Has BC's economy turned the corner?

May 7, 2004

Over the past three years, BC's public policy landscape has been reshaped. The Campbell government has implemented wide-ranging measures--most of which have been long sought by BC business--in the name of making the provincial economy more "competitive."

While this economic "medicine" has been hard to swallow for many--including hospital workers, people on welfare, students and the elderly--others see it as the price to be paid for a booming economy. But has the medicine been the miracle cure that was promised?

The early results suggest that there has been a lot of pain for very little gain. There are some signs of life in the provincial economy, such as strong residential construction. But the statistics do not point to a boom on the horizon.

At the broadest level, economic growth has been unspectacular, both in comparison to the rest of Canada and compared to recent BC history. The province emerged from a recession in 2001, but recent economic growth rates have been modest--the economic equivalent of treading water. They are not fast enough to generate a huge expansion of employment and rising incomes, but enough to keep us afloat.

In 2003, BC's real GDP growth rate dropped slightly to 2.2% from 2.4% in 2002. The forecast for 2004 of 2.9% would be an improvement if it materializes. But all of these growth rates are lower than the 3.2% growth rate posted in 1999 or the 4.8% rate in 2000.

In terms of personal income, BC was passed by Quebec in 2003, and we now sit fourth in the provincial standings. What is more alarming is how much borrowing British Columbians are doing to finance current consumption. In 2003, British Columbians borrowed 8.2% of their income, up from 5.1% in 2002.

Perhaps the biggest disappointment is continued weak capital investment outside of residential construction. The fact that investment has not responded to almost $1 billion in corporate tax cuts, $1.5 billion in personal income tax cuts and a slew of deregulation and other initiatives is a major indictment of the government's program.

A related promise was that tax cuts would positively affect incentives for workers to work longer and harder. Again, there is no evidence that this has taken place. Employment and earnings indicators suggest that there has been little response at a microeconomic level to the tax cuts. Hours worked have declined (in line with recent trends), and the employment rate is little changed from levels in the 1990s.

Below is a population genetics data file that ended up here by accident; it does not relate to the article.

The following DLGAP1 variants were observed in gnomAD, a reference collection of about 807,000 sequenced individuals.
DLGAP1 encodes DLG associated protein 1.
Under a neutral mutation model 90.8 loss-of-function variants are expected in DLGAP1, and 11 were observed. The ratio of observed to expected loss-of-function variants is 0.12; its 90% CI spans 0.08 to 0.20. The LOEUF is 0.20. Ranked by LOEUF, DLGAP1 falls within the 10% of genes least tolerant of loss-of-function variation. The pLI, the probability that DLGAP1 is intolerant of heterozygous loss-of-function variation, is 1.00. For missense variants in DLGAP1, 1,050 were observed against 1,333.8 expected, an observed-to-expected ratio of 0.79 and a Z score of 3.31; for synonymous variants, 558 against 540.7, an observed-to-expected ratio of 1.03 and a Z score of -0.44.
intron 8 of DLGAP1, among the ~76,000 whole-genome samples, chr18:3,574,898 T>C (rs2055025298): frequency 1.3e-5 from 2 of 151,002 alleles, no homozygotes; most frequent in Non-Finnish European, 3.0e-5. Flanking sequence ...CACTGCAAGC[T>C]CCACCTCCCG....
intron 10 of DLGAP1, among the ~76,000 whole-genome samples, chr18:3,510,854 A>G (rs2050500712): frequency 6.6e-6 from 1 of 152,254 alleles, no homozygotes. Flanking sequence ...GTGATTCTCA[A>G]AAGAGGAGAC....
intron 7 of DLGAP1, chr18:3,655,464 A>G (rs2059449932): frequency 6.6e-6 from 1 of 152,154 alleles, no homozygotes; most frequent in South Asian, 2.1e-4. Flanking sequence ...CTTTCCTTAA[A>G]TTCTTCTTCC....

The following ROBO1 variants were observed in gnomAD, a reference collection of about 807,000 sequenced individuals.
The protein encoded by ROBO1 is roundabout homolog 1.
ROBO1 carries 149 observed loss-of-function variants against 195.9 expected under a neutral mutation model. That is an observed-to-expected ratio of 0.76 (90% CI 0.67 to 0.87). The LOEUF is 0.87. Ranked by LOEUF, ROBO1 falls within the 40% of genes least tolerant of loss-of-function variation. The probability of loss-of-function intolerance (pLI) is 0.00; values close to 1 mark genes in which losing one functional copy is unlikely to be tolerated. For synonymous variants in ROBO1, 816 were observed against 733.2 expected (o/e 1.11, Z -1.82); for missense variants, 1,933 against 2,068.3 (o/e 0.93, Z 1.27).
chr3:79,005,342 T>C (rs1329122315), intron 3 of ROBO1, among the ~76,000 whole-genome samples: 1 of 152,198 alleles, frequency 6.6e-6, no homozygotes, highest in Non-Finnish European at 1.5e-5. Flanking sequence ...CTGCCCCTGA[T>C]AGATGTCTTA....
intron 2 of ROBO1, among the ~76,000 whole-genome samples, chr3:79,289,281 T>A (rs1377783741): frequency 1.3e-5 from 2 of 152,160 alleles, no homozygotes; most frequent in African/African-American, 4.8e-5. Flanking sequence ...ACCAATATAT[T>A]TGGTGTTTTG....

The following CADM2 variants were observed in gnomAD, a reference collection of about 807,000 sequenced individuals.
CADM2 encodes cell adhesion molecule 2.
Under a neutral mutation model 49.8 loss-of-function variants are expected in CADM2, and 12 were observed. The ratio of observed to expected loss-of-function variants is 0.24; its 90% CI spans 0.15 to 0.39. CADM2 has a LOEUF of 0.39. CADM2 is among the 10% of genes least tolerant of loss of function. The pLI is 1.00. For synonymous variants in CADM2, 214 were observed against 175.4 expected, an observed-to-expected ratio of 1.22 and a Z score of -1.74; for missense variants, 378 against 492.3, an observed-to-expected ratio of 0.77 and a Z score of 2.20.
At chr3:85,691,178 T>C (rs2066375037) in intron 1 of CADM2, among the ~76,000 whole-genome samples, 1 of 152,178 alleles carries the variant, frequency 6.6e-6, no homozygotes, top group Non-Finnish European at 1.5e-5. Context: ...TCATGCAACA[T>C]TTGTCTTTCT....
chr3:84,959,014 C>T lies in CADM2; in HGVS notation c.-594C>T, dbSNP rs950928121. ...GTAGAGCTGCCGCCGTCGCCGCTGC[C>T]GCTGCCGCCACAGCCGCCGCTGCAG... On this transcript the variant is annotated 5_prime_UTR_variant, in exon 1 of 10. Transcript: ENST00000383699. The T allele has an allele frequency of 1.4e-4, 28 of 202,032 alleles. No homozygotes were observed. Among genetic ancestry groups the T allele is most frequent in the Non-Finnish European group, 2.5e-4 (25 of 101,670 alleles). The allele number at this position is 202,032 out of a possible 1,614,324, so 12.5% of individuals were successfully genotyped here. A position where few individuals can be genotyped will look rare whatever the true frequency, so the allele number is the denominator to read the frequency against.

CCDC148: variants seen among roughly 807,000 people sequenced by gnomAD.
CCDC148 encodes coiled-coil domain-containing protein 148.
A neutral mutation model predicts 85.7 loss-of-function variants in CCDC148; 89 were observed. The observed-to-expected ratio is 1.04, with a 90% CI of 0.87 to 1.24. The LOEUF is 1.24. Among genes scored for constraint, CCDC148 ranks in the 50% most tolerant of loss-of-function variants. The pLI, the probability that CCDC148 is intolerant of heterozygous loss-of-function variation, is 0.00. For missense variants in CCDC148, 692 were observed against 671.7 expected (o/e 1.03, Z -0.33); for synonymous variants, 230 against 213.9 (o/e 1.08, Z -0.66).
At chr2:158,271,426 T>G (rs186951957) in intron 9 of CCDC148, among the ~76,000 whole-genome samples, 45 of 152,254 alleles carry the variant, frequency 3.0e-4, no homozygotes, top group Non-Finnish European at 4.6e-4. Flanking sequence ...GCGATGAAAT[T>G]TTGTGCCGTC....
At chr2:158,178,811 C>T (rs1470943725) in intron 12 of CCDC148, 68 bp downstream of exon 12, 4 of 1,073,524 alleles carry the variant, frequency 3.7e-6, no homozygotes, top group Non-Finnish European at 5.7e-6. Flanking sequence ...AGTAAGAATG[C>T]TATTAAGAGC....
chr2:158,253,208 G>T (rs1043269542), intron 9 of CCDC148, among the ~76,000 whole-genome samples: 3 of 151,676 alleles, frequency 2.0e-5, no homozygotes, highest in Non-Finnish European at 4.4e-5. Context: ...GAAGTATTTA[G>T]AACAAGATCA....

Any good news on the employment front has more to do with interest rates than tax cuts. Low interest rates have fuelled new residential construction and encouraged more consumer borrowing. This led to improved employment growth in 2003, although growth rates are still middle-of-the-road by historical standards.

It is still too early to make definitive assessments of the government's program. But there is no reason to believe, based on the data available to date, that the economy has performed as advertised in response to sweeping reforms.

The reality is that the BC economy is a complex entity. The provincial government is one player, albeit an important one. But most of what happens to BC is determined outside Victoria. To expect economic miracles from tax cuts is merely wishful thinking.

It is fair to say that BC has had its share of bad luck. The September 11, 2001 terror attacks reduced international travel volumes, hurting BC's tourism industry. The ongoing dispute with the US over softwood lumber has led to mill closures and layoffs in the forest industry. BC also endured SARS, mad cow disease and forest fires in 2003.

But these events affected the rest of Canada as well (the exception being forest fires, which paradoxically, in short-term GDP terms were a net gain due to the wages paid to firefighters). BC's weak performance relative to other provinces that face the same external environment is troubling.

In terms of big picture economic performance, the "new era" looks a whole lot like the old one. But with some important trade-offs. Higher-income British Columbians were the principal beneficiaries of the government's tax cuts. Lower- and middle-income folk did not get much of a tax cut, but are facing diminished public services and higher out-of-pocket costs.

An economy's success should ultimately be measured by the improved, sustained livelihoods of its people. The idea that people must be sacrificed--through layoffs, lower wages, and punitive social assistance policies--for the good of the economy is both foolish and dangerous. Despite the hardship imposed on many British Columbians, prosperity is as elusive as ever.

Marc Lee is an economist with the Canadian Centre for Policy Alternatives and the author of State of the BC Economy 2004.

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